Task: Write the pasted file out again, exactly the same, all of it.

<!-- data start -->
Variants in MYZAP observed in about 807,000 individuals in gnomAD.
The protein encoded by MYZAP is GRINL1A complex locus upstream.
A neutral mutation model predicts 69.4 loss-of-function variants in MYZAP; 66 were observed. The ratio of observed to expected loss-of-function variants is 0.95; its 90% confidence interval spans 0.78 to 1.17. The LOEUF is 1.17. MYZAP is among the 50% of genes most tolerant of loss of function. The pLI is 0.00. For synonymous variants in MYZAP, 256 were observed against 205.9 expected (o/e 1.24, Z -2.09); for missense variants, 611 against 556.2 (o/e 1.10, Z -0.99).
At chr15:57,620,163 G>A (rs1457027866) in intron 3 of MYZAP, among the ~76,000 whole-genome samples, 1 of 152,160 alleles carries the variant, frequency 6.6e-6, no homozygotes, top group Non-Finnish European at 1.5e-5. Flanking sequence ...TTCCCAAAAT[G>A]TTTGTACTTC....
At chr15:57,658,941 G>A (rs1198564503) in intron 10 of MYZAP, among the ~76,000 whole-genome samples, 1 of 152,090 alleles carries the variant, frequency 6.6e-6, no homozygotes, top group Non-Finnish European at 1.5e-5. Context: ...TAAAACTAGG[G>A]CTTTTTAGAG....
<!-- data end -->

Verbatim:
Variants in MYZAP observed in about 807,000 individuals in gnomAD.
The protein encoded by MYZAP is GRINL1A complex locus upstream.
A neutral mutation model predicts 69.4 loss-of-function variants in MYZAP; 66 were observed. The ratio of observed to expected loss-of-function variants is 0.95; its 90% confidence interval spans 0.78 to 1.17. The LOEUF is 1.17. MYZAP is among the 50% of genes most tolerant of loss of function. The pLI is 0.00. For synonymous variants in MYZAP, 256 were observed against 205.9 expected (o/e 1.24, Z -2.09); for missense variants, 611 against 556.2 (o/e 1.10, Z -0.99).
At chr15:57,620,163 G>A (rs1457027866) in intron 3 of MYZAP, among the ~76,000 whole-genome samples, 1 of 152,160 alleles carries the variant, frequency 6.6e-6, no homozygotes, top group Non-Finnish European at 1.5e-5. Flanking sequence ...TTCCCAAAAT[G>A]TTTGTACTTC....
At chr15:57,658,941 G>A (rs1198564503) in intron 10 of MYZAP, among the ~76,000 whole-genome samples, 1 of 152,090 alleles carries the variant, frequency 6.6e-6, no homozygotes, top group Non-Finnish European at 1.5e-5. Context: ...TAAAACTAGG[G>A]CTTTTTAGAG....